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Children's National Sheikh Zayed Institute Executives Cite 'Challenges' to Pediatric Device Development

Washington, DC – One of the greatest challenges in children’s healthcare is that the market for pediatric medical products “insufficiently supports investment” needed for their development, according to Peter Kim MD, CM, PhD, Vice President, and Kolaleh Eskandanian, PhD, MBA, PMP, Executive Director, Sheikh Zayed Institute for Pediatric Surgical Innovation. 

To overcome barriers in pediatric device development, strong collaboration in industry, nonprofit, academic, advocacy, and medical societies, is critical, they wrote in an editorial for the American Academy of Pediatrics newsletter. 

“Only in that way can pediatric medical devices be more readily brought to market,” Drs. Kim and Eskandanian wrote.

Pediatric legislative initiatives, especially through Section 505 of the Pediatric Medical Device Safety and Improvement Act of 2007, have prompted “much progress” in boosting the development of pediatric medical devices. However, “barriers to pediatric device development persist, particularly in the lack of investors’ support to bring pediatric devices to market,” they added.

To continue the dialogue, the Sheikh Zayed Institute for Pediatric Surgical Innovation plans to host the 2nd Annual Symposium on Pediatric Surgical Innovation, on the theme of “Lessons from Drugs to Devices: A Pediatric Perspective.”

The forum will bring together key leaders from the National Institutes of Health, the Food and Drug Administration, industry, law firms, pediatric societies, advocacy groups, together with scientists, engineers, clinicians, and policy makers. The keynote speaker at this year’s event is FDA Commissioner Margaret Hamburg, MD. Since 2009, the FDA has awarded grants to consortia to advance the development of pediatric medical devices, and has spearheaded a number of public workshops that touch on the issue of pediatric device development, according to Drs. Kim and Eskandanian.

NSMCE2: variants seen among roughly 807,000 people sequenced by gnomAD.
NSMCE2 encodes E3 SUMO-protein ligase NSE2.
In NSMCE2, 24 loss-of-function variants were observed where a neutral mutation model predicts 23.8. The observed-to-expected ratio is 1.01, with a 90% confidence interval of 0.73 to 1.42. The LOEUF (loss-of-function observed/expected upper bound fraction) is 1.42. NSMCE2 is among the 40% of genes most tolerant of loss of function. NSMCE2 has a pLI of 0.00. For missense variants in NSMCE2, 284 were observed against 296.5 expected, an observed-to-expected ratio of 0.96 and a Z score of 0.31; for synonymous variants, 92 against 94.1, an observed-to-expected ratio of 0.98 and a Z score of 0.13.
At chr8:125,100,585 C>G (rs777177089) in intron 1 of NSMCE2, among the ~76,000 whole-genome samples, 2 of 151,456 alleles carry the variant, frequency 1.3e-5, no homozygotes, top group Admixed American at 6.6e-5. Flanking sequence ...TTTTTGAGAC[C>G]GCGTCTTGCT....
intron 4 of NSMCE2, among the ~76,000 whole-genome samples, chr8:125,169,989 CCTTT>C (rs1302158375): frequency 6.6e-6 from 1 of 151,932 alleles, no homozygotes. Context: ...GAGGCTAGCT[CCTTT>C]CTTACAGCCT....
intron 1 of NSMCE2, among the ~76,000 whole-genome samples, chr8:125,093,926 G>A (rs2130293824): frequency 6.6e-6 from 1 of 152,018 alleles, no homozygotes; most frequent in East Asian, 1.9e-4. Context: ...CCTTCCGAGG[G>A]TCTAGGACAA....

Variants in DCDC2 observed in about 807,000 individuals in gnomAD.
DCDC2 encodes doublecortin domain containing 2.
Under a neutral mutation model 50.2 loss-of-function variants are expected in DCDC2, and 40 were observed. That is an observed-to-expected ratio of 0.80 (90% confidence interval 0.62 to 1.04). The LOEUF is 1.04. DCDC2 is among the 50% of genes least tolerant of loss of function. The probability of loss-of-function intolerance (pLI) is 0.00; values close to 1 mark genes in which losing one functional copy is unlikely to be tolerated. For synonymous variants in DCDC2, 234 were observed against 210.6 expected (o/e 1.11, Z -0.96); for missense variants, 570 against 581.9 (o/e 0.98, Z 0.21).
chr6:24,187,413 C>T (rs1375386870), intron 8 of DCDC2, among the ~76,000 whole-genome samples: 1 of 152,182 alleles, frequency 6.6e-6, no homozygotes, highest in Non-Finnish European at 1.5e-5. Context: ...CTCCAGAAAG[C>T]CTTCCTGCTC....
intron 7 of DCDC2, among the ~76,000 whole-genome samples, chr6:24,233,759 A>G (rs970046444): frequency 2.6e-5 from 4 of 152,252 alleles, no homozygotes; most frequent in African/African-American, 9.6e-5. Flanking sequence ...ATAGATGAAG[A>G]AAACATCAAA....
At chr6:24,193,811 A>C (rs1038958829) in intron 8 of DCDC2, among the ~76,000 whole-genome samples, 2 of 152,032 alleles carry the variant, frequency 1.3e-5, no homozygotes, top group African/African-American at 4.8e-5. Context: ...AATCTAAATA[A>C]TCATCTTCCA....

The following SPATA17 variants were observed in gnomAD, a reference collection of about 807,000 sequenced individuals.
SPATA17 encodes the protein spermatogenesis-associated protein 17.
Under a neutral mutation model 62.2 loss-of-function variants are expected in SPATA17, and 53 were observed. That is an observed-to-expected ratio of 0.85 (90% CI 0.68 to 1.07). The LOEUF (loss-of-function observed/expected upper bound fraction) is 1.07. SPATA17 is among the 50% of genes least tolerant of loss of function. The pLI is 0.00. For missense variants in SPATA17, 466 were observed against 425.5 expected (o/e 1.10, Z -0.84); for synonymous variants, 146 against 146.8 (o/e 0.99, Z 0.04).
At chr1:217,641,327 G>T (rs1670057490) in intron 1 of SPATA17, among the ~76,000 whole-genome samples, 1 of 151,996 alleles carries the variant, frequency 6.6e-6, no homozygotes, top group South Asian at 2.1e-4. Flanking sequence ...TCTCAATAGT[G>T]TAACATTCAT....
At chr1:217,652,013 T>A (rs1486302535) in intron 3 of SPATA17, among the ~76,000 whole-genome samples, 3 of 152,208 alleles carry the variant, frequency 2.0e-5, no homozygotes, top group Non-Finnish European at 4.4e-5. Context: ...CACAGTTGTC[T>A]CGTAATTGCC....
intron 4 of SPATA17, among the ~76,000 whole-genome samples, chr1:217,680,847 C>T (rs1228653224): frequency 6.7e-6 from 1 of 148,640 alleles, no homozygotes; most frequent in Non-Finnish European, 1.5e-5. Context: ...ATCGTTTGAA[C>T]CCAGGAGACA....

Last year’s Symposium participants offered recommendations to improve the current state of pediatric surgical and device innovation and the regulatory clearance and approval process. In their editorial, Drs. Kim and Eskandanian focused on key recommendations on the development path, the 510(k) process, and the International considerations. 

  • Development Path. Although medical devices have to be continuously refined to improve their performance, special efforts should be made to promote the design of devices for use in a pediatric population. Special effort should be made to promote the design of devices dedicated for use in the pediatric population. 
  • The 510 (k) Process. While industry representatives say the FDA’s 510 (k) approval process clears most medical devices for the pediatric population as safe, they note costly data requirements. “There needs to be an important balance between safety and timely innovation and regulation,” Drs. Kim and Eskandanian wrote.
  • International Perspective. The uncertainties in the FDA regulatory approval process prompt innovators and investors to shift investment overseas, Drs. Kim and Eskandanian wrote. It generally takes about one to three years longer to launch new medical devices into market in the U.S., compared to the European Union. The Children’s National officials note that the International Medical Device Regulators Forum (IMDRF) is working toward a harmonized regulatory strategy that would be most attractive to investors, particularly related to funding strategies.

Contact: Joe Cantlupe or Leah Parker at 202-476-4500.


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